Publication Date




Embargo Period


Degree Type


Degree Name

Doctor of Philosophy (PHD)


Biology (Arts and Sciences)

Date of Defense


First Committee Member

Kevin McCracken

Second Committee Member

William Browne

Third Committee Member

Barbara Whitlock

Fourth Committee Member

Marjorie Oleksiak

Fifth Committee Member

Zachary Cheviron


Organisms which reside in high-altitude environments represent ideal species for the study of physiological adaptation, as well as for elucidating the underlying genetic mechanisms associated with such a strong selective constraint (ie. hypoxia). Therefore, the variety of waterfowl species who have independently invaded the altiplano plateaus of the Andean mountains provide crucial representative study organisms in answering such questions. The research encompassed by this dissertation sought to answer questions about [1] the specificity of genetic mechanisms involved in high-altitude adaptation, [2] the potential for evidence of how these molecular adaptations were acquired, either through de novo mutations (convergence, parallel evolution) or collateral evolution through hybridization, and finally [3] to what extent, and at what level, is convergent and/or parallel evolution occurring, all in the context of comparing three different Andean waterfowl species, and their respective high- and low- altitude populations: Speckled teal (Anas flavirostris), Yellow-billed pintail (Anas georgica) and Cinnamon teal (Anas cyanoptera). Given the abundance of research on adaptation to low-oxygen environments, my dissertation takes two different approaches: one that focuses on a priori candidates, and one that takes a genome-wide scan approach. I explored the role of the mitochondrial genome, alpha- and beta- hemoglobin complexes, and the Hypoxia-Inducible Factor (HIF) pathway in the three Andean waterfowl species using target-enrichment datasets, and then looked at overall genomic response to high-altitude adaptation in the Speckled teal, using RAD-seq data. Overall, my dissertation showed a high degree of molecular convergence and parallelism on a number of previously identified genetic mechanisms – more specifically, in hemoglobin and specific HIF-pathway candidates (EPAS1, and EGLN1). Ultimately, I was able to show considerable levels of parallelism not only at the pathway level, but at the gene, exon and even nucleotide/amino-acid level. My dissertation suggests that adaptive molecular evolution is highly predictable, especially for adaptations to high-altitude, low-oxygen environments.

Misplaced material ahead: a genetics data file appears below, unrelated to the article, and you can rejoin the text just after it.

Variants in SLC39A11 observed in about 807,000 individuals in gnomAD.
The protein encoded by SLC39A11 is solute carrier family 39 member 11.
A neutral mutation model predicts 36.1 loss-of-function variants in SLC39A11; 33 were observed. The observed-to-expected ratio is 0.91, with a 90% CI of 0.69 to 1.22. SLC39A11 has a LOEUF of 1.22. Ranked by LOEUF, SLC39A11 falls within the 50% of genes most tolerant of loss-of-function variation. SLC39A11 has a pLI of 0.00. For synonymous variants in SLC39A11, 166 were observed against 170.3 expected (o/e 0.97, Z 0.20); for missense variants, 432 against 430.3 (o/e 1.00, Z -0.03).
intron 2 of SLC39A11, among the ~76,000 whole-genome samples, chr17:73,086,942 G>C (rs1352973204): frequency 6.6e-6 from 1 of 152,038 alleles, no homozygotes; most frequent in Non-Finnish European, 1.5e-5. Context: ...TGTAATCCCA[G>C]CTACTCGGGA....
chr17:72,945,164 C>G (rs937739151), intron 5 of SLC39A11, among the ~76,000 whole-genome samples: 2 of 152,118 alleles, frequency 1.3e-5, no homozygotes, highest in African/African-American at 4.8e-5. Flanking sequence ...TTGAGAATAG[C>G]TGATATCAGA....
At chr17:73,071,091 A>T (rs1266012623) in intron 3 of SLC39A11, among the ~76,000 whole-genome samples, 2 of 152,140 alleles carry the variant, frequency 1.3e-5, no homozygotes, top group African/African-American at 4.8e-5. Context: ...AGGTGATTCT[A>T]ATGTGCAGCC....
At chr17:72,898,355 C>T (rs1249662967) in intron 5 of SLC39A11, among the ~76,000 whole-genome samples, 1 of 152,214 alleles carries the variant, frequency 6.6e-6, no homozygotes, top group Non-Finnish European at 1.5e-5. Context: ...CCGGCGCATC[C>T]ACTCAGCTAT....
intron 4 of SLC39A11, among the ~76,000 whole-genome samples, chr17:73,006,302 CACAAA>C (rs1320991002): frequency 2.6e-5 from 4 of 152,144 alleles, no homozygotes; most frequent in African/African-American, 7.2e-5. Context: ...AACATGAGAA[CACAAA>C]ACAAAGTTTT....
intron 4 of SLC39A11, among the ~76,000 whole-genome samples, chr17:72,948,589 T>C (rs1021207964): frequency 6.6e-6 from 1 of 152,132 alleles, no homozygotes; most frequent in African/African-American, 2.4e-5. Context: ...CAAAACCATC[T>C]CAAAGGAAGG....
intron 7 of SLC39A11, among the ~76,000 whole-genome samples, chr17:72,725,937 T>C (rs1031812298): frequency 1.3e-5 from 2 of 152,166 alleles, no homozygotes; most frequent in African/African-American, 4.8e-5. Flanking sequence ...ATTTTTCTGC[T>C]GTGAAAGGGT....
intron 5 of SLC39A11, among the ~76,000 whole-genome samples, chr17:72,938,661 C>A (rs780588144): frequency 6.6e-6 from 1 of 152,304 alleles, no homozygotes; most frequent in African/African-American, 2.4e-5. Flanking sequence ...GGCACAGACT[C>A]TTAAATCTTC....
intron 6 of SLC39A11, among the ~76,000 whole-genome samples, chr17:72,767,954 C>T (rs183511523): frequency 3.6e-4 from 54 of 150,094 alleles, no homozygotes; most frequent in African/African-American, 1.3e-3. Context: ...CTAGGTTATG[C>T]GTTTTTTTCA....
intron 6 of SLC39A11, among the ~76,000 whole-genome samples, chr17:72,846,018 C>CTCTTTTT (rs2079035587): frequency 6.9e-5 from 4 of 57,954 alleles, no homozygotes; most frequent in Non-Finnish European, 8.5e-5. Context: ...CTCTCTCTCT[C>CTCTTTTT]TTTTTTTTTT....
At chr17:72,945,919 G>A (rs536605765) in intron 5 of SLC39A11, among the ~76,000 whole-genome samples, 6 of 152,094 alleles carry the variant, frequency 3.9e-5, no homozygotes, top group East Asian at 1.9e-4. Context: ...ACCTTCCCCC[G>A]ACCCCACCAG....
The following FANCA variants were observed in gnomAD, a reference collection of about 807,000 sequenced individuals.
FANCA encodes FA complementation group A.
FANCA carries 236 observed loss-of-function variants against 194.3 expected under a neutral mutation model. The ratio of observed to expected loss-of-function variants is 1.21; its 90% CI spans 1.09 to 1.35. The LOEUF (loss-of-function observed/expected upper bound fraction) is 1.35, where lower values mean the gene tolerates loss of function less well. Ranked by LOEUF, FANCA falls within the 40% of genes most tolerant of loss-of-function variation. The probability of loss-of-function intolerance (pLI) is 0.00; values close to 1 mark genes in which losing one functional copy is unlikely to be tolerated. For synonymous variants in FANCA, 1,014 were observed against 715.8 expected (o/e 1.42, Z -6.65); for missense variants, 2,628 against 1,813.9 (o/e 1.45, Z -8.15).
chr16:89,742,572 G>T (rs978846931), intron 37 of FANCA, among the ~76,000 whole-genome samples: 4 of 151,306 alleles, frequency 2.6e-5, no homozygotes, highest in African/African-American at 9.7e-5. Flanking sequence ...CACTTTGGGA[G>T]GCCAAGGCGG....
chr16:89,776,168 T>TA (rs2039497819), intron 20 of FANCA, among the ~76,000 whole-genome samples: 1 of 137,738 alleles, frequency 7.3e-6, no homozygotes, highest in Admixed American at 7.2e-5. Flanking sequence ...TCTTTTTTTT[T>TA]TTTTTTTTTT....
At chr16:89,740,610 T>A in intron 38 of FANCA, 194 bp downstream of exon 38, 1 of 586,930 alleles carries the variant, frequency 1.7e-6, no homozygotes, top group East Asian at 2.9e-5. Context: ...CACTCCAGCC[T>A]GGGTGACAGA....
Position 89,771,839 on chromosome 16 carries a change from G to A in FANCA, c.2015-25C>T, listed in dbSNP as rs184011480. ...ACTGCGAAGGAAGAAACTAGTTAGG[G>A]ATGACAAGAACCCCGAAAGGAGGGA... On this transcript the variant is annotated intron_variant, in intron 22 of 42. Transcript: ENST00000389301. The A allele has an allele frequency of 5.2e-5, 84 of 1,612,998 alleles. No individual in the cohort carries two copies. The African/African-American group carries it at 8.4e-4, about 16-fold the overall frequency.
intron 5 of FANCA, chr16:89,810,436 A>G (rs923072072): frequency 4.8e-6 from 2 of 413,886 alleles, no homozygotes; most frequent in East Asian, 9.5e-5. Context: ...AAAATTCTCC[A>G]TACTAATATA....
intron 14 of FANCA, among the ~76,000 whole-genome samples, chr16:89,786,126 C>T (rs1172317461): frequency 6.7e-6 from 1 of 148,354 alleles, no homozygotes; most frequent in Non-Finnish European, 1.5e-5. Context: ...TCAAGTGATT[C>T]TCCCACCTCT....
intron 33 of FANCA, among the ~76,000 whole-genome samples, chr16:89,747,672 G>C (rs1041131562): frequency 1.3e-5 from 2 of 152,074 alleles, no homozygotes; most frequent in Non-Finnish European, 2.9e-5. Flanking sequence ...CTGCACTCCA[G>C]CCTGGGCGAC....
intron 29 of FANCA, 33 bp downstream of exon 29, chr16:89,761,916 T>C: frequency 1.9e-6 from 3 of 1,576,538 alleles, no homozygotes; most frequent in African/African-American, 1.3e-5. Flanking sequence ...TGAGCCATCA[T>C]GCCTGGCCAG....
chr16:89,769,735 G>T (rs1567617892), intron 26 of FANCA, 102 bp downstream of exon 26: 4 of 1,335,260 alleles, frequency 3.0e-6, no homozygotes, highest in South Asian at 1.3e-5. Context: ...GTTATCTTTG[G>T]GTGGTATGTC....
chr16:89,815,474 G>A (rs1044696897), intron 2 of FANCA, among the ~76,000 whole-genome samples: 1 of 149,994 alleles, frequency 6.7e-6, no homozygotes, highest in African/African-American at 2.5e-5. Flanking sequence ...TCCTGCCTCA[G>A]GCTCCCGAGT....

hypoxia, adaptation, waterfowl, hemoglobin, HIF pathway, mitochondria